A new campaign is underway by a Boston-based company called Cheers to once again make happy hour legal in Boston.
An online petition for the move garnered more than 8,500 signatures in just a few days. The petition states that when Massachusetts banned happy hour in 1984, it zapped the “happy” out of the handful of hours after work, which instead became “meh.” Massachusetts is one of eight states in the country that bans happy hour, which is traditionally a time when bars and restaurants lower their drink prices to extend deals to those just getting off work. Other states, including Illinois and Kansas, used to have happy hour bans, but recently overturned those laws.
The question is whether a prohibition on happy hour bans actually does anything to reduce excessive drinking or save lives. There is some evidence to suggest that it does not. Also interesting is the fact that many bars and other establishments are actually in favor of such bans because it allows them to keep their drink prices high, and avoid getting into a happy hour price war with the new up-and-coming bar down the street. However, there are others that say they are bad for business, especially in neighborhoods where patrons are more likely to walk or take a taxi home rather than drive.
As MassLive reported, Bostonians are able to secure a prescription for marijuana if they have a headache, but they can’t save a few dollars off their drinks when hanging out with friends after work.
Cheers, a Boston-based social media app that works to connect groups of friends to meet up, has partnered up with a local spirits company to arrange it so that if friends use the app to meet up, the beverage company buys a round of drinks.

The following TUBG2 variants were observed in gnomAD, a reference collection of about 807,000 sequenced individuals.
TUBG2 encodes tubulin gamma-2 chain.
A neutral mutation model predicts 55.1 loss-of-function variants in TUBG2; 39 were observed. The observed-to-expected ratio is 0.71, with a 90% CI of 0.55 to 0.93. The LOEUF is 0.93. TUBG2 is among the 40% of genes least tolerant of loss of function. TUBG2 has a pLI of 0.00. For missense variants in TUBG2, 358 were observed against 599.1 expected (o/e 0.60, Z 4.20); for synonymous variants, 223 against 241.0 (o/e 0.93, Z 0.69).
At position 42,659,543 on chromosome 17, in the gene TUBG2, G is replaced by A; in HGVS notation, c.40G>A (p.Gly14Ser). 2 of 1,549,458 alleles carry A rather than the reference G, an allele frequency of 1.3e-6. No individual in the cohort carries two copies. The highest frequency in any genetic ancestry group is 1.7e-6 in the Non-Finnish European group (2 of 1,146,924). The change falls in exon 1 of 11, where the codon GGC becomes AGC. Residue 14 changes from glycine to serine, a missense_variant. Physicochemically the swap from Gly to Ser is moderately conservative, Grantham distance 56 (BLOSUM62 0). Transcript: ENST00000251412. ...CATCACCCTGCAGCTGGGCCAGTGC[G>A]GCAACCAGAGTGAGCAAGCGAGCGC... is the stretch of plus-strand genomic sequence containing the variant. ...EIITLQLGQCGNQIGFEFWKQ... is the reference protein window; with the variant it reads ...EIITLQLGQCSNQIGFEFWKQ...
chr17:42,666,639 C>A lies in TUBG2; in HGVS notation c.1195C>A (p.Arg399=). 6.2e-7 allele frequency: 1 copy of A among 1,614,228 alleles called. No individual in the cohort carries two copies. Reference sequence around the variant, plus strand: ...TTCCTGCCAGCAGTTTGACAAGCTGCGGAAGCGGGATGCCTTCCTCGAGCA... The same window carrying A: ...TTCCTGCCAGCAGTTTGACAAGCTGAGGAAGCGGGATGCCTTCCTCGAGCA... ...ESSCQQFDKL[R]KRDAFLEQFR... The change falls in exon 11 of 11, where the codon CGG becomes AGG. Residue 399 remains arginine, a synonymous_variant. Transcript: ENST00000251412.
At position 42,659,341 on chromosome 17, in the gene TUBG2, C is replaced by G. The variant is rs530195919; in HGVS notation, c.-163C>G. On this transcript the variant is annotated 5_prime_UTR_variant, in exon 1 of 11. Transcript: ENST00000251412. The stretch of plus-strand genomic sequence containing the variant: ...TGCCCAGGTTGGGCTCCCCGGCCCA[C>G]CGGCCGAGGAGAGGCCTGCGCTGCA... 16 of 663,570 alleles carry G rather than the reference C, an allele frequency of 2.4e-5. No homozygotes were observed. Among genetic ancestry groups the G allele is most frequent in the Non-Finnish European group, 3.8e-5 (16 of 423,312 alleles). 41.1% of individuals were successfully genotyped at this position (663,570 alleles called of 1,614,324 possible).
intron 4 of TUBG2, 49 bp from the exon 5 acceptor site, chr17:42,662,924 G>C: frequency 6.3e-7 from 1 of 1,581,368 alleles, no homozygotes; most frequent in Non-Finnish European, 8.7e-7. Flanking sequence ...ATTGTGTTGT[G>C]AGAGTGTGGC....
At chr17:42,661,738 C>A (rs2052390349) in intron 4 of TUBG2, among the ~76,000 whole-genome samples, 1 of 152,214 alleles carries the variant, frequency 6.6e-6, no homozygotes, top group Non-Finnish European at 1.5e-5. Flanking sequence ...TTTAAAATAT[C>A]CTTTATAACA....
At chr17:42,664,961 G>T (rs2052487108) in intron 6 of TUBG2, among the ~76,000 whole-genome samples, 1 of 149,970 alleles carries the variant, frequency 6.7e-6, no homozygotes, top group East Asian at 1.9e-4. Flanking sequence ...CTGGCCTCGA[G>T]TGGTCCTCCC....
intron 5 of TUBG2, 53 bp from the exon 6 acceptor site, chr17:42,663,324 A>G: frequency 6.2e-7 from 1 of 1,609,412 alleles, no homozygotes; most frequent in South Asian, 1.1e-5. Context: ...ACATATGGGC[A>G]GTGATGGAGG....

It’s been more than 30 years since Massachusetts was the very first state to put a cork in happy hour. That measure came along with several others intended to curb drunk driving accidents in Massachusetts. Since then, state officials report drunk driving deaths have dropped. When the law passed in 1984, there were 362 people who died in drunk driving accidents statewide. In 2011, the number of drunk driving deaths was down to 133. Of course, this also coincides with a reduction of overall motor vehicle accidents, and many states that do not have a prohibition on happy hour have also seen similar declines.
Some states allow happy hour specials, but strictly limit advertising for these specials.
The petition for the Massachusetts happy hour ban removal is addressed to Boston Mayor Marty Welsh, who in 2013 told the Boston Magazine voiced his staunch opposition to allowing happy hour. He made it clear that he doesn’t think the state needs it, that it will inevitably increase drunk driving and that the trade-off has been that bars and clubs have been allowed to stay open later than usual.
Cheers argues that Uber and Lyft have made getting home after a night out easier than ever. Furthermore, young professionals may be less apt to seek other places that are more “fun.”
On the other hand, a 2005 study by the National Highway Traffic Safety Administration (NHTSA) asserted that happy hours, drinking contests and “all you can drink” specials encourage people to drink excessively because prices are reduced – but only for a short time, meaning people try to drink faster.
If you or someone you love has been injured a Boston drunk driving accident, call for a free and confidential appointment at (617) 777-7777.
Boston-based company advocates for return of happy hour in Massachusetts, July 4, 2016, By Michelle Williams, MassLive.com
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